Verse > Anthologies > J. C. Squire, ed. > A Book of Women’s Verse
J. C. Squire, ed.  A Book of Women’s Verse.  1921.
By Mary, Lady Chudleigh (1656–1710)
WHEN all alone in some belov’d retreat,
    Remote from noise, from bus’ness and from strife,
Those constant curst attendants of the great,
I freely can with my own thoughts converse,
    And cloath them in ignoble verse,        5
’Tis then I tast the most-delicious feast of life:
There, uncontroul’d, I can my self survey,
    And from observers free,
    My intellectual pow’rs display,
And all th’ opening scenes of beauteous Nature see:        10
Form bright ideas, and enrich my mind,
Enlarge my knowledge, and each error find;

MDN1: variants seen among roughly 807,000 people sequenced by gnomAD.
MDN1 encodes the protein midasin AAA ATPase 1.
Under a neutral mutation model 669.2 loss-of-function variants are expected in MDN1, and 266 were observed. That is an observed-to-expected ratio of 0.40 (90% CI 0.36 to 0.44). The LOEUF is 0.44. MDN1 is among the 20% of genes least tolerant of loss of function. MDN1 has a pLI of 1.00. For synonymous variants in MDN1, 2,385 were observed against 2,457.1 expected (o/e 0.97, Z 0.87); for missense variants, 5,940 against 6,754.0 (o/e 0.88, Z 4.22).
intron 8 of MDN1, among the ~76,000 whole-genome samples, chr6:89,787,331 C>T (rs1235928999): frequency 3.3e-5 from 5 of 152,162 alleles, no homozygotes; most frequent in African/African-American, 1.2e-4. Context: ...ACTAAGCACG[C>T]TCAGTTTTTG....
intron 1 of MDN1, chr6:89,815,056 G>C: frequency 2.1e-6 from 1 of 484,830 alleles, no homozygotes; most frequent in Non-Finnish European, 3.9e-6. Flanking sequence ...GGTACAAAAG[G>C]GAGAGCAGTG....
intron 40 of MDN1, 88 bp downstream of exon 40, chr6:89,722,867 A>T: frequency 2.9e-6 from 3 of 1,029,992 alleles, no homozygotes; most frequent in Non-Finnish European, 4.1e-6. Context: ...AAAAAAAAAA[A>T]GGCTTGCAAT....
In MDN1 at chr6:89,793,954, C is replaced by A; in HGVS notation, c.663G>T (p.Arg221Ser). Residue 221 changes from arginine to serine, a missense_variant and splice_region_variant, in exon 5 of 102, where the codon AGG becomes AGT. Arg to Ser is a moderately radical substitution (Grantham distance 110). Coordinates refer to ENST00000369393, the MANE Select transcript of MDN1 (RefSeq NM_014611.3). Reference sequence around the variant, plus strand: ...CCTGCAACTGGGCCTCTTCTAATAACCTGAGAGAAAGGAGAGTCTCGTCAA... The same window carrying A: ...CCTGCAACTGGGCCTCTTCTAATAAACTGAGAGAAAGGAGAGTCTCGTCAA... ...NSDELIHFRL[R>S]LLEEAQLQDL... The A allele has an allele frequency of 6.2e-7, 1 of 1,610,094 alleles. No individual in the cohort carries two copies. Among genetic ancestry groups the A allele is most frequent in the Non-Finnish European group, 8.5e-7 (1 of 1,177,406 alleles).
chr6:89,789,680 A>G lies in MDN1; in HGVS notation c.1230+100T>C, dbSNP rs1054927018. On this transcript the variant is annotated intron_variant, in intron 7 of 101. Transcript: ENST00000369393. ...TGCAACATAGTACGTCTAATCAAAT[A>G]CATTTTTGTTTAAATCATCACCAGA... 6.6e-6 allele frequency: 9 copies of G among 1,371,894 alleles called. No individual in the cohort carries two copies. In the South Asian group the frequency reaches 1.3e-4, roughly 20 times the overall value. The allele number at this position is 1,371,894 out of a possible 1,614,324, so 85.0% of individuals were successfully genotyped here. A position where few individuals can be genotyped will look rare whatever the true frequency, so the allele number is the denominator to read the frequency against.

Inspect each action, ev’ry word dissect,
And on the failure of my life reflect:
Then from my self, to books, I turn my sight,        15
And there, with silent wonder and delight,
Gaze on th’ instructive venerable dead,
Those that in vertue’s school were early bred,
And since by rules of honour always led;
Who its strict laws with nicest care obey’d,        20
And were by calm unbyass’d reason sway’d:
Their great examples elevate my mind,
And I the force of all their precepts find;
By them inspir’d, above dull earth I soar,
And scorn those trifles which I priz’d before.        25

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